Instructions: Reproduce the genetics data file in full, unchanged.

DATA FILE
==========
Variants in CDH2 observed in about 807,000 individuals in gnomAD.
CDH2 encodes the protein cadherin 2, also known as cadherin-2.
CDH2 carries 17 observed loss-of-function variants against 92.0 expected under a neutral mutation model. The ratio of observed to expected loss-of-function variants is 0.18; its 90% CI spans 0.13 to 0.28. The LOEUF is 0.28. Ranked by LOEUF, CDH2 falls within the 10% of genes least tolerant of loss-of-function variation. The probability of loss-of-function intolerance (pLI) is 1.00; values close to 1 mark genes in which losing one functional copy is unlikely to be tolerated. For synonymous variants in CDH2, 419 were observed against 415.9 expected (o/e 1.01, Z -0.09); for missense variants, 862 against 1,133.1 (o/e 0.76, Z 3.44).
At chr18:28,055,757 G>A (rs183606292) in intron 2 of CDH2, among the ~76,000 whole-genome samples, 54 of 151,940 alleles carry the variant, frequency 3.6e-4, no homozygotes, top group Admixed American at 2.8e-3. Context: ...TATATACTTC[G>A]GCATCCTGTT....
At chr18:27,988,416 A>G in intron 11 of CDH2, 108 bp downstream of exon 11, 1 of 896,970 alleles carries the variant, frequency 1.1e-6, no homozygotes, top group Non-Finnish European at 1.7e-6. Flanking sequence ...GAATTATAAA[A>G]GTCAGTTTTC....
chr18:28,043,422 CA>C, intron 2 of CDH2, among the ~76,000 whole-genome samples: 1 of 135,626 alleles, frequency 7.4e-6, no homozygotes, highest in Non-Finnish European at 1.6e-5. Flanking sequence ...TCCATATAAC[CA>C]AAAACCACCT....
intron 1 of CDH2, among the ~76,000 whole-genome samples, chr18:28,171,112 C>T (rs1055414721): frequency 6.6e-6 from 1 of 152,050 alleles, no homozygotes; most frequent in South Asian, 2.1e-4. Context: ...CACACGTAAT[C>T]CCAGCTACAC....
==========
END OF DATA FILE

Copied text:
Variants in CDH2 observed in about 807,000 individuals in gnomAD.
CDH2 encodes the protein cadherin 2, also known as cadherin-2.
CDH2 carries 17 observed loss-of-function variants against 92.0 expected under a neutral mutation model. The ratio of observed to expected loss-of-function variants is 0.18; its 90% CI spans 0.13 to 0.28. The LOEUF is 0.28. Ranked by LOEUF, CDH2 falls within the 10% of genes least tolerant of loss-of-function variation. The probability of loss-of-function intolerance (pLI) is 1.00; values close to 1 mark genes in which losing one functional copy is unlikely to be tolerated. For synonymous variants in CDH2, 419 were observed against 415.9 expected (o/e 1.01, Z -0.09); for missense variants, 862 against 1,133.1 (o/e 0.76, Z 3.44).
At chr18:28,055,757 G>A (rs183606292) in intron 2 of CDH2, among the ~76,000 whole-genome samples, 54 of 151,940 alleles carry the variant, frequency 3.6e-4, no homozygotes, top group Admixed American at 2.8e-3. Context: ...TATATACTTC[G>A]GCATCCTGTT....
At chr18:27,988,416 A>G in intron 11 of CDH2, 108 bp downstream of exon 11, 1 of 896,970 alleles carries the variant, frequency 1.1e-6, no homozygotes, top group Non-Finnish European at 1.7e-6. Flanking sequence ...GAATTATAAA[A>G]GTCAGTTTTC....
chr18:28,043,422 CA>C, intron 2 of CDH2, among the ~76,000 whole-genome samples: 1 of 135,626 alleles, frequency 7.4e-6, no homozygotes, highest in Non-Finnish European at 1.6e-5. Flanking sequence ...TCCATATAAC[CA>C]AAAACCACCT....
intron 1 of CDH2, among the ~76,000 whole-genome samples, chr18:28,171,112 C>T (rs1055414721): frequency 6.6e-6 from 1 of 152,050 alleles, no homozygotes; most frequent in South Asian, 2.1e-4. Context: ...CACACGTAAT[C>T]CCAGCTACAC....